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Gender Justice Glossary  

This list has been created collaboratively between the staff at the UC San Diego Women’s Center and UC San Diego LGBT Resource Center. We built this page together as both Centers seek to create space for thinking critically about gender and power, as well as the impact of gender, gender identity and gender expression on individuals, communities and institutions. Intersectional feminism and its understanding of patriarchy, white supremacy and power guides our approach. We hope that this information helps you in your exploration of gender justice issues. 

Language is and always will be changing and is often contested. Additionally, language within academic spaces can be inaccessible and elitist. We hope that this page can serve as a means to gain clarity around terms central to our work and regularly used in our spaces. 


Agender: An umbrella term encompassing many different genders of people who commonly do not have a gender and/or have a gender that they describe as neutral. (source: Trans Student Educational Resources website)  

Ableism: The pervasive system of discrimination and exclusion that oppresses people who have mental, emotional and physical disabilities. (source: UC Davis LGBTQIA+ Resource Center Glossary)

Bigender:  Refers to those who identify as two genders. Can also identify as multigender (identifying as two or more genders). Do not confuse this term with Two-Spirit, which is specifically associated with Native American and First Nations cultures.  (source: Trans Student Educational Resources website)  

Cisgender (adj.): Non-trans. From a Latin prefix meaning “on the same side,” as opposed to trans- which means “across.” Describes people whose gender identity matches what is expected of them in their culture based on their sex assigned at birth—e.g. people assigned male at birth who identify as men and people assigned female at birth who identify as women.(source: Trans* Ally Workbook: Getting Pronouns Right & What It Teaches Us About Gender, Shlasko & Hofius, 2014)

Cissexism/Genderism: The pervasive system of discrimination and exclusion that oppresses people whose gender and/or gender expression falls outside of cis-normative constructs.  This system is founded on the belief that there are, and should be, only two genders & that one’s gender or most aspects of it, are inevitably tied to assigned sex. Within cissexism cisgender people are the dominant/agent group and trans*/ gender non-conforming people are the oppressed/target group. (source: UC Davis LGBTQIA+ Resource Center Glossary)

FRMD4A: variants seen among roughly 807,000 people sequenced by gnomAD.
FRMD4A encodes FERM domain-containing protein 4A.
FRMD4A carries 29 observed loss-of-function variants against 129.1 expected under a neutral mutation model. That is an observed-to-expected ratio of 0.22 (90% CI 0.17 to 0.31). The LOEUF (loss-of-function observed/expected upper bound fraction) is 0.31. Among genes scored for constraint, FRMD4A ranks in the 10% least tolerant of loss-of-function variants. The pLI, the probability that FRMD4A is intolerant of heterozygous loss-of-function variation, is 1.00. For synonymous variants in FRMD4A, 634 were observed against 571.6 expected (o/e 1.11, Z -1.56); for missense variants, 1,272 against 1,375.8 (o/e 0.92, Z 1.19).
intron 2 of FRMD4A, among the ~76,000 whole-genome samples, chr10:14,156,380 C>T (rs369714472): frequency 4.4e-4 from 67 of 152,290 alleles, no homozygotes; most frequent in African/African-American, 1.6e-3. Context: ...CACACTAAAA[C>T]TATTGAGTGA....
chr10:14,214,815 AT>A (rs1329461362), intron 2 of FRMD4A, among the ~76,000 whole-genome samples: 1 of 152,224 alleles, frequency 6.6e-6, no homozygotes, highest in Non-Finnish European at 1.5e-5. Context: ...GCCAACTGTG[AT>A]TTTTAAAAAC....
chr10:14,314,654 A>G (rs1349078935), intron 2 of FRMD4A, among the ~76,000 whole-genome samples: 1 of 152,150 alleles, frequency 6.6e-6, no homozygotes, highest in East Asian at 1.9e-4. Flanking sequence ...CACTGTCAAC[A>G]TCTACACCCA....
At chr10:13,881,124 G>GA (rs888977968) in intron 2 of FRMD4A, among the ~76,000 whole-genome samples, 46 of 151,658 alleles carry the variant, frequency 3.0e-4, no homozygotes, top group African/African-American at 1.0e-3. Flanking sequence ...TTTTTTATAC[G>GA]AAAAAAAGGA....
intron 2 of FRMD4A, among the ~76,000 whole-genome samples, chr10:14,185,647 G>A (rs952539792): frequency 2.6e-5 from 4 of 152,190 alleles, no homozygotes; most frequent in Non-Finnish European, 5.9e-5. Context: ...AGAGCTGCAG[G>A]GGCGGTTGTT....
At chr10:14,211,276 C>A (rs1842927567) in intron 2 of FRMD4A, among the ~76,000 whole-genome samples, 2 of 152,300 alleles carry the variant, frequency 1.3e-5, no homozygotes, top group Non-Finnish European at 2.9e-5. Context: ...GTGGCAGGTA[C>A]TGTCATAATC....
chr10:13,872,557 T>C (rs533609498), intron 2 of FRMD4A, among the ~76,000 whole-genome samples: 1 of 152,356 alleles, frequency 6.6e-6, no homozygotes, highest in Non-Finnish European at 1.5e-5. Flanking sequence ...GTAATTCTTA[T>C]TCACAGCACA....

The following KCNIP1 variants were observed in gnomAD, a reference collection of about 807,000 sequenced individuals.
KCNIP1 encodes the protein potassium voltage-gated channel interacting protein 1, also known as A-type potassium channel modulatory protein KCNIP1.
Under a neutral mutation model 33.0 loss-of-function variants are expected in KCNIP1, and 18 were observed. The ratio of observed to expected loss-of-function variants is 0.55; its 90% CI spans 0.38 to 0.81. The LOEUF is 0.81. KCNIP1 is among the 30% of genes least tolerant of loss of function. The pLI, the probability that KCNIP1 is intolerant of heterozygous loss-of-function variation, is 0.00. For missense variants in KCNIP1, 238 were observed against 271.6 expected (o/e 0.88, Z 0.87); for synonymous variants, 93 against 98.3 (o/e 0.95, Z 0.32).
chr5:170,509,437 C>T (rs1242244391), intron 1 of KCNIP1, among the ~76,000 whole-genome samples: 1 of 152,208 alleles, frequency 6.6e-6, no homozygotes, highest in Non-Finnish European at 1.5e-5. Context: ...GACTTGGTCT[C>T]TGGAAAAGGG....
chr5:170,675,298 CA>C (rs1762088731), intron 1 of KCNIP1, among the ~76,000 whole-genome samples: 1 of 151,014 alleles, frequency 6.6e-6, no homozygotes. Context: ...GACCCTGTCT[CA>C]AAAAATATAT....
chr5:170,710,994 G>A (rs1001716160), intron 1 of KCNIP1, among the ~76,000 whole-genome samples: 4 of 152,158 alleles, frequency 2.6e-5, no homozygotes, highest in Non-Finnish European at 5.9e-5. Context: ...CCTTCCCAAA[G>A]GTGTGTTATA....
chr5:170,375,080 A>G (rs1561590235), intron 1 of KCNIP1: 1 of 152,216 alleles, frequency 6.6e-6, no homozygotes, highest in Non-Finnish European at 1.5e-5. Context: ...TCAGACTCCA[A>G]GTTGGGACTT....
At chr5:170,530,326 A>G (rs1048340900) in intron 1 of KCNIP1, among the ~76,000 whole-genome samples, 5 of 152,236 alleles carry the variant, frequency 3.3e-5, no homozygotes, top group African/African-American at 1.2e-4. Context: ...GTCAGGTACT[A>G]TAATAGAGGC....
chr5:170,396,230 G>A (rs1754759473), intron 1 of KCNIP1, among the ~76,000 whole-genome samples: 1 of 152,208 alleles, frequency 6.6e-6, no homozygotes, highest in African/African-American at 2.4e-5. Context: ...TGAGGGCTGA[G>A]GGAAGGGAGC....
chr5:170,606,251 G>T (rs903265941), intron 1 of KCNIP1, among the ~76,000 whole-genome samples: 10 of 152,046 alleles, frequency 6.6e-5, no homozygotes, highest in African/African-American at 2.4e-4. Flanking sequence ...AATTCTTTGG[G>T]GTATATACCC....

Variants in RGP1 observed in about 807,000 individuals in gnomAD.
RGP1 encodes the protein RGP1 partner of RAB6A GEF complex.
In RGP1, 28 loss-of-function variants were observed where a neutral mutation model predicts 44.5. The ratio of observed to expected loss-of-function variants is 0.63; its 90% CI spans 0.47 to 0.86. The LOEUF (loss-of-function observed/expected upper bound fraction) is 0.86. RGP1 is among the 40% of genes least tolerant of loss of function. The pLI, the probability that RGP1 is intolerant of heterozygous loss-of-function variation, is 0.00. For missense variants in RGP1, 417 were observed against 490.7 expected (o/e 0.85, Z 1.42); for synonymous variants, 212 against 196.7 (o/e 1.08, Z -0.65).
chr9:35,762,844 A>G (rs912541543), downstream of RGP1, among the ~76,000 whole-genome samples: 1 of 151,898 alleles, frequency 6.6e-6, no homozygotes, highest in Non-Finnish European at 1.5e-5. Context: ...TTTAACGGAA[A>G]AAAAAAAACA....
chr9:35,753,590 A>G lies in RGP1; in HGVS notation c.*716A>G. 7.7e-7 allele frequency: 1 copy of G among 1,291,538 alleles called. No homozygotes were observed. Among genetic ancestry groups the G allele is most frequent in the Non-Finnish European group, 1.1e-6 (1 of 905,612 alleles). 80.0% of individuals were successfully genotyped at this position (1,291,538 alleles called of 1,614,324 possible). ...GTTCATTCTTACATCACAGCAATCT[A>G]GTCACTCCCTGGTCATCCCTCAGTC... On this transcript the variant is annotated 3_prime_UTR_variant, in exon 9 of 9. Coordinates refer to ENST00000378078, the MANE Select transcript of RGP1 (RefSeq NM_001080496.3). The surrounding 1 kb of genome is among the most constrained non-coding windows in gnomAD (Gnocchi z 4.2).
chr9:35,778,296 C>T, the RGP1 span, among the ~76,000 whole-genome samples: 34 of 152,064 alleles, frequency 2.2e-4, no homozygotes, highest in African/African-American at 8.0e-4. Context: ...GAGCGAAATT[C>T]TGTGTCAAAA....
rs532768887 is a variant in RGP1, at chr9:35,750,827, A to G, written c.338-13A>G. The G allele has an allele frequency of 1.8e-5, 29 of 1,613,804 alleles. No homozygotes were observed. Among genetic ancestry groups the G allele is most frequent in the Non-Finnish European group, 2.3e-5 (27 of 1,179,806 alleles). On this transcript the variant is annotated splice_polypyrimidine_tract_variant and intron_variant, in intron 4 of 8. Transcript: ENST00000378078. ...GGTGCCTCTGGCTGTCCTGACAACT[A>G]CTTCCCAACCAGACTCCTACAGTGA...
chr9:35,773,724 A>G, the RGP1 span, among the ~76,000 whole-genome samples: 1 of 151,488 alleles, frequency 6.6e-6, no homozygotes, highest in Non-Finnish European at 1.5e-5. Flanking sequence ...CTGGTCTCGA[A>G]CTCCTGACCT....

Cissexism: A system of bias in favor of cisgender people, in which people whose gender identities do not match their assigned genders are considered inferior (Source: "Trans Bodies, Trans Selves: A Resource for the Transgender Community" Erickson-Schroth, 2014) 

Cissexism/Cisnormativity: The system of oppression that values and privileges cisgender people, upholds the gender binary, and marginalizes, oppresses, and makes invisible the lives and experiences of transgender and nonbinary people. (Source: Amherst College)

Closed spaces (and why do we have them):  Closed spaces are intended to provide space for a specific identity-based community.  Although no university community member can ever be excluded from a student or an employee organization based on protected categories, these spaces are created to deepen conversation, build community, and strengthen relationships within a specific community. Often referred to as “Intentional Spaces” or with language similar to “This group/space is intended for…”

Enby: the abbrebriation of nonbinary using the phonetic spelling. "NB" already means several things, including "non-black" as in NBPOC ("non-black people of color). This is a term created by Black women activists (source: anamardoll and Sean Dajour Smith,)

Equity: When we use equity vs. equality, we do intentionally. Equity entails challenging systems of inequality with a specific focus on understanding that diverse communities need diverse solutions in order to foster equity 

Femme: Gender expressions that reclaim/claim and/or disrupt traditional constructs of femininity; this term that has historically used in the lesbian community and it is being increasingly used by other LGBTQIA people. (source:  UC Davis LGBTQIA+ Resource Center Glossary

Gender: A set of cultural identities, expressions and roles — codified as feminine or masculine — that are assigned to people, based upon the interpretation of their bodies, and more specifically, their sexual and reproductive anatomy. Gender can be understood to have several components, including gender identity, gender expression and gender roles. Since gender is a social construction, it is possible to reject or modify the assignment made, and develop something that feels truer and just to oneself (source: GLSEN Safe Space Kit)